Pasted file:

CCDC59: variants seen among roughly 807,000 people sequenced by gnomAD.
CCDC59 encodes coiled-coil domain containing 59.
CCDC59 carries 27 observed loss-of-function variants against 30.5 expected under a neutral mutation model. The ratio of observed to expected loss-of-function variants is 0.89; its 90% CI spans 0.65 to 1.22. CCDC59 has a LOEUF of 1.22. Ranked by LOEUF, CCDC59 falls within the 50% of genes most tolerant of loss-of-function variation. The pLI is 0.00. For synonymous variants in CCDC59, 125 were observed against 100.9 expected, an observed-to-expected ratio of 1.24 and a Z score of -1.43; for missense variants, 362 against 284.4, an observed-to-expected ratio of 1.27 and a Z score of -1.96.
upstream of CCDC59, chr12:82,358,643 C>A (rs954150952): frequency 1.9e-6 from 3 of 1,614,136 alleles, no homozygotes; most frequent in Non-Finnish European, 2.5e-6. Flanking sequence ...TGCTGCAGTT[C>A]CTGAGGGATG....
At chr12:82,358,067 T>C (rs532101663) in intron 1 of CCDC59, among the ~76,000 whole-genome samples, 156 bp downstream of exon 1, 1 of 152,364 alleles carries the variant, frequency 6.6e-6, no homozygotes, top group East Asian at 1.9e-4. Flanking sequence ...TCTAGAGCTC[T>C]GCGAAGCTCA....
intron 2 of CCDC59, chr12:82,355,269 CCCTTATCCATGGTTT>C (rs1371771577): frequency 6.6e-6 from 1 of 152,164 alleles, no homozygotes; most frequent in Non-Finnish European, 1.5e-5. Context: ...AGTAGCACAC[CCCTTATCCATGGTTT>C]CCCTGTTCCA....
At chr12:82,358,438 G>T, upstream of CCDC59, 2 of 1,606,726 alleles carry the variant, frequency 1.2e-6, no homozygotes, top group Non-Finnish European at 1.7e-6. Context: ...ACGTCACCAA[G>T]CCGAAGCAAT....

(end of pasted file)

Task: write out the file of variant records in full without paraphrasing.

CCDC59: variants seen among roughly 807,000 people sequenced by gnomAD.
CCDC59 encodes coiled-coil domain containing 59.
CCDC59 carries 27 observed loss-of-function variants against 30.5 expected under a neutral mutation model. The ratio of observed to expected loss-of-function variants is 0.89; its 90% CI spans 0.65 to 1.22. CCDC59 has a LOEUF of 1.22. Ranked by LOEUF, CCDC59 falls within the 50% of genes most tolerant of loss-of-function variation. The pLI is 0.00. For synonymous variants in CCDC59, 125 were observed against 100.9 expected, an observed-to-expected ratio of 1.24 and a Z score of -1.43; for missense variants, 362 against 284.4, an observed-to-expected ratio of 1.27 and a Z score of -1.96.
upstream of CCDC59, chr12:82,358,643 C>A (rs954150952): frequency 1.9e-6 from 3 of 1,614,136 alleles, no homozygotes; most frequent in Non-Finnish European, 2.5e-6. Flanking sequence ...TGCTGCAGTT[C>A]CTGAGGGATG....
At chr12:82,358,067 T>C (rs532101663) in intron 1 of CCDC59, among the ~76,000 whole-genome samples, 156 bp downstream of exon 1, 1 of 152,364 alleles carries the variant, frequency 6.6e-6, no homozygotes, top group East Asian at 1.9e-4. Flanking sequence ...TCTAGAGCTC[T>C]GCGAAGCTCA....
intron 2 of CCDC59, chr12:82,355,269 CCCTTATCCATGGTTT>C (rs1371771577): frequency 6.6e-6 from 1 of 152,164 alleles, no homozygotes; most frequent in Non-Finnish European, 1.5e-5. Context: ...AGTAGCACAC[CCCTTATCCATGGTTT>C]CCCTGTTCCA....
At chr12:82,358,438 G>T, upstream of CCDC59, 2 of 1,606,726 alleles carry the variant, frequency 1.2e-6, no homozygotes, top group Non-Finnish European at 1.7e-6. Context: ...ACGTCACCAA[G>T]CCGAAGCAAT....